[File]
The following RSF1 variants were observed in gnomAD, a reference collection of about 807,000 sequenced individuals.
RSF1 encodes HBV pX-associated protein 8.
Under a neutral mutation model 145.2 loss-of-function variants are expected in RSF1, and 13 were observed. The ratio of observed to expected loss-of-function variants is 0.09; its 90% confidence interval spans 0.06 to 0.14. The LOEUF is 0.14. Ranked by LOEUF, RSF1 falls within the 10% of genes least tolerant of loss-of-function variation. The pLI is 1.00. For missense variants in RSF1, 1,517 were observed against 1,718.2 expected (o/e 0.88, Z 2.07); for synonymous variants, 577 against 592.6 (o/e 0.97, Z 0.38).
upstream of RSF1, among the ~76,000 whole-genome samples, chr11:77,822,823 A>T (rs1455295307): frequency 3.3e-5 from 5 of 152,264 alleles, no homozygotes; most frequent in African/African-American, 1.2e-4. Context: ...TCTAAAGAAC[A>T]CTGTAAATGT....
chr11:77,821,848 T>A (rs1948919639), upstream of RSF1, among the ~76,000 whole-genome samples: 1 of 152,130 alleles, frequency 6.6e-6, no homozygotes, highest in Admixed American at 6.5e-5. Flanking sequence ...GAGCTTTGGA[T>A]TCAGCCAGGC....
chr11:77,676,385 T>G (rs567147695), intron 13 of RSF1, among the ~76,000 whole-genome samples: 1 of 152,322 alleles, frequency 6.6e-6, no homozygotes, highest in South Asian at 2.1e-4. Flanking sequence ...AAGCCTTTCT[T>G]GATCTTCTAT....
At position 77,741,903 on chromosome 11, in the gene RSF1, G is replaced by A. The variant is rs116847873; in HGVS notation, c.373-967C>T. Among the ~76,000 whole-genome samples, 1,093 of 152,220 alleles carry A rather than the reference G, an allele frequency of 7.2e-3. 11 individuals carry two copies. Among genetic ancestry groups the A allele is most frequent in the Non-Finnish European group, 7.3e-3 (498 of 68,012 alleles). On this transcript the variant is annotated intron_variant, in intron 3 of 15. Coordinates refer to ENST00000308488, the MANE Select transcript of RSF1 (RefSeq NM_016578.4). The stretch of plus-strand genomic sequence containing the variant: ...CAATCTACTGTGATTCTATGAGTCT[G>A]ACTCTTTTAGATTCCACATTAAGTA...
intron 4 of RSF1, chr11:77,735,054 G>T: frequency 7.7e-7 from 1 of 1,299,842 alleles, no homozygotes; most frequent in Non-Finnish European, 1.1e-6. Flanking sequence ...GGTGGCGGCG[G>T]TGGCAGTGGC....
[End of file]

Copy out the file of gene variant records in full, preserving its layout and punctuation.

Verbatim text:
The following RSF1 variants were observed in gnomAD, a reference collection of about 807,000 sequenced individuals.
RSF1 encodes HBV pX-associated protein 8.
Under a neutral mutation model 145.2 loss-of-function variants are expected in RSF1, and 13 were observed. The ratio of observed to expected loss-of-function variants is 0.09; its 90% confidence interval spans 0.06 to 0.14. The LOEUF is 0.14. Ranked by LOEUF, RSF1 falls within the 10% of genes least tolerant of loss-of-function variation. The pLI is 1.00. For missense variants in RSF1, 1,517 were observed against 1,718.2 expected (o/e 0.88, Z 2.07); for synonymous variants, 577 against 592.6 (o/e 0.97, Z 0.38).
upstream of RSF1, among the ~76,000 whole-genome samples, chr11:77,822,823 A>T (rs1455295307): frequency 3.3e-5 from 5 of 152,264 alleles, no homozygotes; most frequent in African/African-American, 1.2e-4. Context: ...TCTAAAGAAC[A>T]CTGTAAATGT....
chr11:77,821,848 T>A (rs1948919639), upstream of RSF1, among the ~76,000 whole-genome samples: 1 of 152,130 alleles, frequency 6.6e-6, no homozygotes, highest in Admixed American at 6.5e-5. Flanking sequence ...GAGCTTTGGA[T>A]TCAGCCAGGC....
chr11:77,676,385 T>G (rs567147695), intron 13 of RSF1, among the ~76,000 whole-genome samples: 1 of 152,322 alleles, frequency 6.6e-6, no homozygotes, highest in South Asian at 2.1e-4. Flanking sequence ...AAGCCTTTCT[T>G]GATCTTCTAT....
At position 77,741,903 on chromosome 11, in the gene RSF1, G is replaced by A. The variant is rs116847873; in HGVS notation, c.373-967C>T. Among the ~76,000 whole-genome samples, 1,093 of 152,220 alleles carry A rather than the reference G, an allele frequency of 7.2e-3. 11 individuals carry two copies. Among genetic ancestry groups the A allele is most frequent in the Non-Finnish European group, 7.3e-3 (498 of 68,012 alleles). On this transcript the variant is annotated intron_variant, in intron 3 of 15. Coordinates refer to ENST00000308488, the MANE Select transcript of RSF1 (RefSeq NM_016578.4). The stretch of plus-strand genomic sequence containing the variant: ...CAATCTACTGTGATTCTATGAGTCT[G>A]ACTCTTTTAGATTCCACATTAAGTA...
intron 4 of RSF1, chr11:77,735,054 G>T: frequency 7.7e-7 from 1 of 1,299,842 alleles, no homozygotes; most frequent in Non-Finnish European, 1.1e-6. Flanking sequence ...GGTGGCGGCG[G>T]TGGCAGTGGC....